But what was the echo that kept titillating my mind, the other connotation of the title? Then it came to me:
St. Augustine’s prayer: Oh Lord, make me chaste – but not yet.

And which of us would not say that: Not yet? Provided of course that we were not in pain.

When my father died in early 1989 he was ready to die. Ten days before he had taken a fall in his room at the hostel; his hip was broken. It was a very painful injury. His advanced emphysema meant he could not be allowed to lie flat in his hospital bed. I find it painful, even now, to recall our last conversation.

He knew his ‘number had come up’. He was in dreadful pain from his cracked hip, and was probably badly affected by the drugs they were pouring into him to ease that pain; on top of that, he could barely breathe.

I dropped in to the Royal Melbourne Hospital to see him after work one evening. He was agitated. We talked, but he was in pain.

‘I’m buggered,’ he said. ‘I’m completely buggered.’
Finally, in anger, he spat at me:
‘If you were any kind of son, you’d go out of here and bring me a gun so I could put an end to this!’

He’d never spoken to me in such away before – with such anger and venom.
I mentioned to the ward nurse that my father seemed very distressed and angry.
It’s probably the drugs,’ she said.

Wayson Choy came very close to dying, but in time he recovered. He’d had – now what’s that cliché? – a wake up call. In time, he recovered. As someone remarked, ‘There’s nothing clears the mind like the prospect of being hung’.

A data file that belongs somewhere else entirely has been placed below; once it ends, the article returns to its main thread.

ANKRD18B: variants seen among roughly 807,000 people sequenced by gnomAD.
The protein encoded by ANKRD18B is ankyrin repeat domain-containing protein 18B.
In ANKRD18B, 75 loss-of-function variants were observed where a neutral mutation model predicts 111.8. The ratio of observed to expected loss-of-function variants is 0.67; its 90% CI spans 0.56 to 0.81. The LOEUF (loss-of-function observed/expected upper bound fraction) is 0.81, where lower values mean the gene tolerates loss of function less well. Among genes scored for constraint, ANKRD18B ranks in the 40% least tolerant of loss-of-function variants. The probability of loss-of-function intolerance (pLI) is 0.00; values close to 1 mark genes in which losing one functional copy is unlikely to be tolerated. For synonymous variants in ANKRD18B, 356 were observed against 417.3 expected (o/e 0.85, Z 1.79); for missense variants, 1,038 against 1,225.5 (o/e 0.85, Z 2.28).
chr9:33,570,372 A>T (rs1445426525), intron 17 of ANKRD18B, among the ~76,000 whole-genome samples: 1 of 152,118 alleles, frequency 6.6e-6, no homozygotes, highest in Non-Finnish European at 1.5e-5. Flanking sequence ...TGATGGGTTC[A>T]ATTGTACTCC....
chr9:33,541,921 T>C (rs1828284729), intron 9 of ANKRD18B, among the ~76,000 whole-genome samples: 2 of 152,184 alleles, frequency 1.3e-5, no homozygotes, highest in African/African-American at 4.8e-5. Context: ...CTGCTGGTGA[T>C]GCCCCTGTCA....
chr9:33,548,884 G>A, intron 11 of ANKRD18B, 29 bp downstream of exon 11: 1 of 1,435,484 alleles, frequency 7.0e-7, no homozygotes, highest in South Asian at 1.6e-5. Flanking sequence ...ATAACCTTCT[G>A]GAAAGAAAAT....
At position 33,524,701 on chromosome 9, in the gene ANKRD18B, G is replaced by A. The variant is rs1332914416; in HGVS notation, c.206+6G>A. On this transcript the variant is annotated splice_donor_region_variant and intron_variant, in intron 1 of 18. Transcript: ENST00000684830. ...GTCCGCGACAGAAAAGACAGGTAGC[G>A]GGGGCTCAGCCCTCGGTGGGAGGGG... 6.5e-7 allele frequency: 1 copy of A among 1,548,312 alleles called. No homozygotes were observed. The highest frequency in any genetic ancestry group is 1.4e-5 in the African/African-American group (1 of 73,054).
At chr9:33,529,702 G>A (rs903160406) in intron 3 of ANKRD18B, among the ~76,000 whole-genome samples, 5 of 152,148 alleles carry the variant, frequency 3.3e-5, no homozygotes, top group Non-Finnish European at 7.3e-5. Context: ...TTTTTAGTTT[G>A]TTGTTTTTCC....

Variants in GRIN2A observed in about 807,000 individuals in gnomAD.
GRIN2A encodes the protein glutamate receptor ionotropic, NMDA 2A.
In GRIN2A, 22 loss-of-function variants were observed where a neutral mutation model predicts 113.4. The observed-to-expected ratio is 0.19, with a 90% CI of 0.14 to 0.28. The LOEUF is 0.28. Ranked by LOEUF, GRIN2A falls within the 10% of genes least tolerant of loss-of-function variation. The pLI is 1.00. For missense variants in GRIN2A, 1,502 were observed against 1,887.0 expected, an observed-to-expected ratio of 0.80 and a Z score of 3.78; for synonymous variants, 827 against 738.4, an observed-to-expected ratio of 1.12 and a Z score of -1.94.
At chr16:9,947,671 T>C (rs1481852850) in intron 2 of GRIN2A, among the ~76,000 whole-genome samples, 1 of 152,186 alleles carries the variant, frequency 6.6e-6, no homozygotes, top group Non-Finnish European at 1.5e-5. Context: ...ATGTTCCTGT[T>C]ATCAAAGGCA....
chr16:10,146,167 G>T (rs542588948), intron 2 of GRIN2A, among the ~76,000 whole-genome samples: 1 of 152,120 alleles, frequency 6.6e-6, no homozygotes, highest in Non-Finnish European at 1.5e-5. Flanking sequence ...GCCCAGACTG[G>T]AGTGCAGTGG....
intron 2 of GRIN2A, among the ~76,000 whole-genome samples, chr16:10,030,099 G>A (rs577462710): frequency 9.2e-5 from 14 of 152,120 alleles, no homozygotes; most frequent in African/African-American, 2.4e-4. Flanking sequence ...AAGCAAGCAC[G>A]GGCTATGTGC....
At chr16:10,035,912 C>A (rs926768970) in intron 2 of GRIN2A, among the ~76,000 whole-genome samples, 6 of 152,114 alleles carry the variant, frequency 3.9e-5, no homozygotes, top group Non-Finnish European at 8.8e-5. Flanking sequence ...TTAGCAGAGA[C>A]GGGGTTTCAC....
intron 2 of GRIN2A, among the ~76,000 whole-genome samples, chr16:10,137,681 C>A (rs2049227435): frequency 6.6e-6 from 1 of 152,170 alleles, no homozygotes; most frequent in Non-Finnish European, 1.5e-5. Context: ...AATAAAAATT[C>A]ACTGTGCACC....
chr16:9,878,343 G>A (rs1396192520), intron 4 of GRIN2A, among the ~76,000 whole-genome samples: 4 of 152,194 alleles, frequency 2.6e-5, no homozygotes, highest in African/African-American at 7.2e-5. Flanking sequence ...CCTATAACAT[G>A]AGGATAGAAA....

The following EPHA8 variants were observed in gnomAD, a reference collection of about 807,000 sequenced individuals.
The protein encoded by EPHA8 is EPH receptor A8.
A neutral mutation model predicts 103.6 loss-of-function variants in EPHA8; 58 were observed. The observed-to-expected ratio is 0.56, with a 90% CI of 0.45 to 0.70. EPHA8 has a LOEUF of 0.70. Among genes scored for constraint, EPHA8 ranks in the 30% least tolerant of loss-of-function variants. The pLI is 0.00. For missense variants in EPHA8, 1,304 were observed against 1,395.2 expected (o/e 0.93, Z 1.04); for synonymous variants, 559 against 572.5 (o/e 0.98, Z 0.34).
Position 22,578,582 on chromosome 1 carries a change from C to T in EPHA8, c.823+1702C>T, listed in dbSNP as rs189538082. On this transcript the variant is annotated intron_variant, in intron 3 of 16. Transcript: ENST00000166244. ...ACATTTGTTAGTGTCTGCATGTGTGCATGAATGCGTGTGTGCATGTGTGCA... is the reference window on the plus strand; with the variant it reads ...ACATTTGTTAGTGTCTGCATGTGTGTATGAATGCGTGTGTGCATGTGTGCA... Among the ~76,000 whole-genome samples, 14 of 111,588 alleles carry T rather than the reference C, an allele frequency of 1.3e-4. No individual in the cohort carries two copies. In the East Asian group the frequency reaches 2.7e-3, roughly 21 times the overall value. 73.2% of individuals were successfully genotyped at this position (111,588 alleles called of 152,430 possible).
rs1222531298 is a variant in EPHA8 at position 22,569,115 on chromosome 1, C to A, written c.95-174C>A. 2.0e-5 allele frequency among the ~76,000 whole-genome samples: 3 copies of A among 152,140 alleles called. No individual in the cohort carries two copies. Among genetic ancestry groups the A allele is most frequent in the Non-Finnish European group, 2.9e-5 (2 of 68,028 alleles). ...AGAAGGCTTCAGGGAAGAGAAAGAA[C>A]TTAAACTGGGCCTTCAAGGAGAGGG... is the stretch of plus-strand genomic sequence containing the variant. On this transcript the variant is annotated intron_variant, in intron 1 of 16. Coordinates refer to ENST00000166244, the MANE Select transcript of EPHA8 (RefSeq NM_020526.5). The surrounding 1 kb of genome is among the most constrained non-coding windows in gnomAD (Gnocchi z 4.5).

‘With everything that had been done for me: by my extended family and friends, I was determined to be in charge of my life again.’

And for a time, he did ‘take charge’ of his life. But we’ve all done it. Some scare reminds us of our mortality, and we realise that we have to take better care of ourselves: we need to eat better, eat less cholesterol, exercise more, lead more balanced lives, stop burning the candle at both ends.

But then we grow complacent; we slip back into bad habits. Or maybe we are just not up to keeping the reality of death firmly in sight; we prefer to fall back on our all-too-human forgetfulness; we prefer to act as though we will live forever.

By 2005 he was back into his old tricks – working too hard, taking on too much, not taking care of himself. This time, it was a heart attack. His arteries were 95% blocked; he needed a quadruple bypass.

I said Not Yet is a book about death and dying; but it’s also a book about friendship. Choy has lived for 30 years with two friends, a married couple, and their children. And throughout this account there are friends who come and support him through his illnesses.

He’s a terrific writer, with a gentle clear voice.
All of us know that our lives turn on a breath, and that any breath could be our last. For people like Wayson Choy – who suffers diabetes, and asthma, and has had a quadruple bypass – the statistics aren’t great.

But for Wayson, I want to join him in saying ‘Not yet’. May he live for many more years, so that we can continue to enjoy his writing.

Not Yet was published in Australia by Scribe Books, and sells for around $30.

Thursday, April 8, 2010

26. Moment (3) A further exploration

In his review of Don DeLillo’s latest novel, Point Omega, Kevin Rabelais refers to DeLillo’s ‘utterly American’ voice, and to the way
... his measured reflections ... search for something deeper than language, for what Herman Broch calls the word beyond speech.

In Point Omega, De Lillo writes:
The true life is not reducible to words spoken or written, not by anyone, ever. The true life takes place when we’re alone, thinking, feeling, lost in memory, dreamily self-aware, the submicroscopic moments.
The insight takes me in two directions, three related insights. The first has to do with something Eliot wrote:
We shall not cease from exploration
And the end of all our exploring
Will be to arrive where we started.